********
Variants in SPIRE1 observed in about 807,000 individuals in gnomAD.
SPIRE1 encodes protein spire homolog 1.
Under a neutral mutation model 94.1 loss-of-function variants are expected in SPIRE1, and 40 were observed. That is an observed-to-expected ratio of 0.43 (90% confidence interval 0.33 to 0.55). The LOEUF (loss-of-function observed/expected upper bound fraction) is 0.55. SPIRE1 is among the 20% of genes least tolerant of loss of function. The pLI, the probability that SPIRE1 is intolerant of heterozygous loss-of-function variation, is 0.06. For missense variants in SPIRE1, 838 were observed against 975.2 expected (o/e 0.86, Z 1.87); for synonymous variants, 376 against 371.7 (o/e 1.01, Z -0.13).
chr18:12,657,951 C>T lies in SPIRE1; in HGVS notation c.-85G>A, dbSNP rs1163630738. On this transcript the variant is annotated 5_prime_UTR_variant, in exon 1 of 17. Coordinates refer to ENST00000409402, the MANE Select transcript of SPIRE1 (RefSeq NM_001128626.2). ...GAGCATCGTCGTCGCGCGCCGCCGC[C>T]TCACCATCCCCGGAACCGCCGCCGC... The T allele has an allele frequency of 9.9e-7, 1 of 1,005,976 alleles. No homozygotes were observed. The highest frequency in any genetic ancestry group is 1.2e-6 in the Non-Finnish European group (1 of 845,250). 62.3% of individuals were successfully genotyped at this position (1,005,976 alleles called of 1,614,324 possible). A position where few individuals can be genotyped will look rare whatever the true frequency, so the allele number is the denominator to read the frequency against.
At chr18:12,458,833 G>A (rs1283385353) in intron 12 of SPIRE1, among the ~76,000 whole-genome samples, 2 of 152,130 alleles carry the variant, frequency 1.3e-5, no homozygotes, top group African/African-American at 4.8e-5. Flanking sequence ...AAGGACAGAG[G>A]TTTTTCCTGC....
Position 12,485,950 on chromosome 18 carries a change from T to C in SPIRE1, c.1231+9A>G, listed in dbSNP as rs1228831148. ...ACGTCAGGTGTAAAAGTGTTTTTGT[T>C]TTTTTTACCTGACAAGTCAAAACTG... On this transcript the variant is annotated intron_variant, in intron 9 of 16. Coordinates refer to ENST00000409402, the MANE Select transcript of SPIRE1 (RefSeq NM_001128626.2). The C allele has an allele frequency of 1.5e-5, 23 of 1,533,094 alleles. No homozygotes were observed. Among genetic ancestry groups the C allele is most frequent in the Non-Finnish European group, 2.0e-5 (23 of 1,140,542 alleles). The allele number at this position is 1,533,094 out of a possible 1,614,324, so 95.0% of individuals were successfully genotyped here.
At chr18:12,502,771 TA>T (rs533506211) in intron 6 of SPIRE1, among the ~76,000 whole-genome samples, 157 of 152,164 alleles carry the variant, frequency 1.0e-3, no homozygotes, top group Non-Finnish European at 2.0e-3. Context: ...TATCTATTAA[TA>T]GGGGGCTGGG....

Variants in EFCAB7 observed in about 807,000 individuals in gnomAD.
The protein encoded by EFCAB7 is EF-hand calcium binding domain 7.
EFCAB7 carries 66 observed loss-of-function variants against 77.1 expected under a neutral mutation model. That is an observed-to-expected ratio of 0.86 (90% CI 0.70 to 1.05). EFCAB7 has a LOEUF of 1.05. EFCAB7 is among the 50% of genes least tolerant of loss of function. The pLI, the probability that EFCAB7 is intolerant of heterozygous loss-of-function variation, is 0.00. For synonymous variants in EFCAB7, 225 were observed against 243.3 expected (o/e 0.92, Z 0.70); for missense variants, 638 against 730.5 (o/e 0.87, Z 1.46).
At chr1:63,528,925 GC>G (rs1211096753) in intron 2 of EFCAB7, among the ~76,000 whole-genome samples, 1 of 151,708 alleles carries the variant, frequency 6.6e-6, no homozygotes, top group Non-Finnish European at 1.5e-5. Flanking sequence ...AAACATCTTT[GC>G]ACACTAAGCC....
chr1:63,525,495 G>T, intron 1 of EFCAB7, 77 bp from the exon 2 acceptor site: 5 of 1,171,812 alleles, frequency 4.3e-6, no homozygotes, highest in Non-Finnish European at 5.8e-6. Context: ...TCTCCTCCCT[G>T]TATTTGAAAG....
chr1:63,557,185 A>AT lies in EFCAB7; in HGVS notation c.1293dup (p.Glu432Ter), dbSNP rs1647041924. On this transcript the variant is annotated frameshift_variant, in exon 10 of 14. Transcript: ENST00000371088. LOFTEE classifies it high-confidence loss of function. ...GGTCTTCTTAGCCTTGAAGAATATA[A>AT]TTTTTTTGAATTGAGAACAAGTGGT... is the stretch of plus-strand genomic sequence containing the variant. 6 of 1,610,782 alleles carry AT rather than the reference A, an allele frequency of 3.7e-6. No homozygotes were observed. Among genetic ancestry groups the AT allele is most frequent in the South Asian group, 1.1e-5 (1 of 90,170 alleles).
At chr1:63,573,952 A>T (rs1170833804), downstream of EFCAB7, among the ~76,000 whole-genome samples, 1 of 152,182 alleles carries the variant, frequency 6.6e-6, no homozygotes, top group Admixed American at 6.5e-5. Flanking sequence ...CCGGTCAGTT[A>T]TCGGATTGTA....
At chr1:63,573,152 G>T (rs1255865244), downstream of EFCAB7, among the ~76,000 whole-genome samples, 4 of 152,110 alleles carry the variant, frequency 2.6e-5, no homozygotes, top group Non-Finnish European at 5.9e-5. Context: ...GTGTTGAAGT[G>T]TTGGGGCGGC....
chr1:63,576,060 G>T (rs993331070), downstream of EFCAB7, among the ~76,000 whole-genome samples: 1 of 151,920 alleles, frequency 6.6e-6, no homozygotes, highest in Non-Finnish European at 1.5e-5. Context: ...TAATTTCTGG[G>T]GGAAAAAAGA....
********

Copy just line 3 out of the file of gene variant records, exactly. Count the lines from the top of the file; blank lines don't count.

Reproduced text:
Under a neutral mutation model 94.1 loss-of-function variants are expected in SPIRE1, and 40 were observed. That is an observed-to-expected ratio of 0.43 (90% confidence interval 0.33 to 0.55). The LOEUF (loss-of-function observed/expected upper bound fraction) is 0.55. SPIRE1 is among the 20% of genes least tolerant of loss of function. The pLI, the probability that SPIRE1 is intolerant of heterozygous loss-of-function variation, is 0.06. For missense variants in SPIRE1, 838 were observed against 975.2 expected (o/e 0.86, Z 1.87); for synonymous variants, 376 against 371.7 (o/e 1.01, Z -0.13).